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Old 12-12-2019, 02:52 AM
navel navel is offline
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Hi everyone!

So, I've been playing with family and friends that are totally new to disc golf.
And quite often I've had a hard time explaining the technique in a way that is simple to understand and doesn't go in to too much detail.
I'm talking about people that "just want to throw" but also get frustrated when they don't throw far or straight. With people like that you only have about five to ten minutes to explain EVERYTHING, and with no interruptions later on in the game. This is a much more difficult task than explaining to people that are willing to listen and don't mind taking a few minutes every once in a while to get tips on their form.

The problem is that when you tell a beginner that they shouldn't be rounding, to get power from the ground up, grip the disc on the outside etc. This information doesn't connect with them without some time and effort. So if they aren't interested they get restless and everything seems to complicated.
The explanation has to be easily converted to something that they understand and can build on later if they want.

So, how do you get the most out of these few minutes? How do you get someone that has never played any sport before to throw more or less straight and maybe 150-200 f?
Any suggestions?
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Old 12-12-2019, 07:41 AM
Seamus Seamus is online now
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Hi Navel,
I've had success suggesting new players keep their thumb horizontal during the throw (RHBH,LHBH) and the more the player can incorporate their hips the further the disc will go. For kids I tell them there is a cup of water on their disc and they don't want to spill any water while throwing the disc. Its just a gimmick to keep the throwers shoulder down during the throw, when the player inevitably throws the disc and it goes high and hyzers out then falls back to the ground not far from where the player is standing I remind them to look at their thumb because its generally pointing skyward. For a new player keeping their thumb horizontal is an easy focus and will add a substantial amount power to the throw. I also mention to relax, laugh when you hit trees or make mistakes and just have fun.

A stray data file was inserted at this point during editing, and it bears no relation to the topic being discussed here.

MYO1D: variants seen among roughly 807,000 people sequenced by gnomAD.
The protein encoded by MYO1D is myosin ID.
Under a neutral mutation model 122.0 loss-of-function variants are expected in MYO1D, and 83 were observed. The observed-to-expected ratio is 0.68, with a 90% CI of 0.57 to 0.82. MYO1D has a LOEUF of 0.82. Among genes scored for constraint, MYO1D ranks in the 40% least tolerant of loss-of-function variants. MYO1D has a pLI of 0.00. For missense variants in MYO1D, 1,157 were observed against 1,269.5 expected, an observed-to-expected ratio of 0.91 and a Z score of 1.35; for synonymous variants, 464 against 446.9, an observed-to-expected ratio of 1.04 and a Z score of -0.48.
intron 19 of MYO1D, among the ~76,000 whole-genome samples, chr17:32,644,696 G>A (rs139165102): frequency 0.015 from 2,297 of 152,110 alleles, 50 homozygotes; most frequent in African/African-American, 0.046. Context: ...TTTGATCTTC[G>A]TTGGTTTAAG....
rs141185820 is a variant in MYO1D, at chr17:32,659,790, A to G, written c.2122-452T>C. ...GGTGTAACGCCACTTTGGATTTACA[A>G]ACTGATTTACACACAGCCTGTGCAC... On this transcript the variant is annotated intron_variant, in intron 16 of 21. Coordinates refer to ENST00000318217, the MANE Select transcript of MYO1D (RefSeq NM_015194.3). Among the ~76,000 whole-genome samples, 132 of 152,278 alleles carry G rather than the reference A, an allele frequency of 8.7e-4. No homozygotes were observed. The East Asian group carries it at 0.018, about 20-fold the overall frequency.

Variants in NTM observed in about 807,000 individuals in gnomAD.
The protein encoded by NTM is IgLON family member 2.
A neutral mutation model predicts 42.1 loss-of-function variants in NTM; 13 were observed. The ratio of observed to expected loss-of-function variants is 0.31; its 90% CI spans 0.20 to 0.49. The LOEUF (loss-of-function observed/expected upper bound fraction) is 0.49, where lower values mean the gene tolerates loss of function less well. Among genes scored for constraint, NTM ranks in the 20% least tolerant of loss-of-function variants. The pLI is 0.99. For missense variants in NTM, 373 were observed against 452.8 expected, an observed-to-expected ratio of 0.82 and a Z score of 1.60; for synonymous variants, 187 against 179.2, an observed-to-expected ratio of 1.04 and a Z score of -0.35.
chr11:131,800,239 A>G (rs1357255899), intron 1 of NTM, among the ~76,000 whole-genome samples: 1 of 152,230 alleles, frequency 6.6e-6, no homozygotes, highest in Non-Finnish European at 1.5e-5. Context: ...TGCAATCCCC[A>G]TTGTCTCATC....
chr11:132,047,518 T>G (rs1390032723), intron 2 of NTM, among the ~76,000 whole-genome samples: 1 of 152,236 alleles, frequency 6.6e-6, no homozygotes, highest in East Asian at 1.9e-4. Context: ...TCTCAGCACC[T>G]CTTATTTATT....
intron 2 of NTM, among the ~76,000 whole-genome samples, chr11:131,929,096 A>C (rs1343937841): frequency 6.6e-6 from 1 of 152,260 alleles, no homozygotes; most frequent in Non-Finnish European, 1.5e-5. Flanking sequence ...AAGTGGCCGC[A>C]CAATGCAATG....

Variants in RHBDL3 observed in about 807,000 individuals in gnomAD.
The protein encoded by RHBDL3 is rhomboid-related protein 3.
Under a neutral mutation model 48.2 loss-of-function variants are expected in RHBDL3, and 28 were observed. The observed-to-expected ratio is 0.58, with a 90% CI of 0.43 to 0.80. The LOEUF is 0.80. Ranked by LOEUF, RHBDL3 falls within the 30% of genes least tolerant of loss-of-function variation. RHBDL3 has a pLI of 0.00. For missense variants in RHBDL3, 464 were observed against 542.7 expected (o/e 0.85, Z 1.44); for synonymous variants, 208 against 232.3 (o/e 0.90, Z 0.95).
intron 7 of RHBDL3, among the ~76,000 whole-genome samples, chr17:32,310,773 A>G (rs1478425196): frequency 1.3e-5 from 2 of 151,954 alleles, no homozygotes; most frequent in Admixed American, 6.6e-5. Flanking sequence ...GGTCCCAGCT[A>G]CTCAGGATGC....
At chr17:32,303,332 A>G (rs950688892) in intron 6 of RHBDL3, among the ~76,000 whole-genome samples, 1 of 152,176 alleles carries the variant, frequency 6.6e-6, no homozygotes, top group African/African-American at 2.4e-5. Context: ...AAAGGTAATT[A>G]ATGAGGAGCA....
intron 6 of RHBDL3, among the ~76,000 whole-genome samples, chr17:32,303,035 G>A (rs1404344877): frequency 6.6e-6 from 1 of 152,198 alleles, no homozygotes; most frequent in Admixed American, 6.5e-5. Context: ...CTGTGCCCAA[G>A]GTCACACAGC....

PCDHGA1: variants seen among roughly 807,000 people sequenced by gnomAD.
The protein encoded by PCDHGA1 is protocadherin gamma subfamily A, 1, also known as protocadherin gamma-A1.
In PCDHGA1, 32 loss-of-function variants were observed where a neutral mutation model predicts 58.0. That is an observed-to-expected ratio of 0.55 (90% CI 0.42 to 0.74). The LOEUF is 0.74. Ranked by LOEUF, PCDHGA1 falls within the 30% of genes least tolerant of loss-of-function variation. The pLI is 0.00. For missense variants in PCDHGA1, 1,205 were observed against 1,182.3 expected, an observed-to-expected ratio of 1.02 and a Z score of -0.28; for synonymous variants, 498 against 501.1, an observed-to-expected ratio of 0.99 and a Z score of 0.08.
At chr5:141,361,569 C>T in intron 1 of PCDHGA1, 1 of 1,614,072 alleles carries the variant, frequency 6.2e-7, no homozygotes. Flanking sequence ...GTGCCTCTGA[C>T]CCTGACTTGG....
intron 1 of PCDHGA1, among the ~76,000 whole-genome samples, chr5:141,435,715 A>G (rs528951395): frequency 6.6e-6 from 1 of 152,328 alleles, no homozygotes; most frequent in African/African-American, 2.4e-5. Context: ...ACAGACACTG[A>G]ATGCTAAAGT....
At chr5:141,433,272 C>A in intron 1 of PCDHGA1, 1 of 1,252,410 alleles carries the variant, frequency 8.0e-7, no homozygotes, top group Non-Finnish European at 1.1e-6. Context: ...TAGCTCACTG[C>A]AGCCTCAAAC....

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Old 12-12-2019, 09:52 AM
Jugular Jugular is offline
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Imagine dragging a handheld brush across a bar and then flicking the drips off the end of the brush across the room.
The more bar you sweep the further the throw.
The further you flick the drips the more spin.
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Old 12-12-2019, 10:20 AM
navel navel is offline
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Quote:
Originally Posted by Jugular View Post
Imagine dragging a handheld brush across a bar and then flicking the drips off the end of the brush across the room.
The more bar you sweep the further the throw.
The further you flick the drips the more spin.
Wouldn't this just make a beginner curl up their wrist and focus on snapping when they think they want to release?
It might work for some people, as it will surely get some spin on the disc, but the technique might be all kinds of wrong? I'm picturing telling my sisters this tip and they will coil their wrist and then release the disc with spin but no forward momentum faaaaar right. I might be wrong however.
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Old 12-12-2019, 10:29 AM
Jugular Jugular is offline
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Quote:
Originally Posted by navel View Post
Wouldn't this just make a beginner curl up their wrist and focus on snapping when they think they want to release?
It might work for some people, as it will surely get some spin on the disc, but the technique might be all kinds of wrong? I'm picturing telling my sisters this tip and they will coil their wrist and then release the disc with spin but no forward momentum faaaaar right. I might be wrong however.
The dragging along a bar analogy has worked exceptionally well for me.

I elaborated on the fly to try and add a few useful pointers but you may be right perhaps they wouldn't work so well.
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Old 12-12-2019, 10:40 AM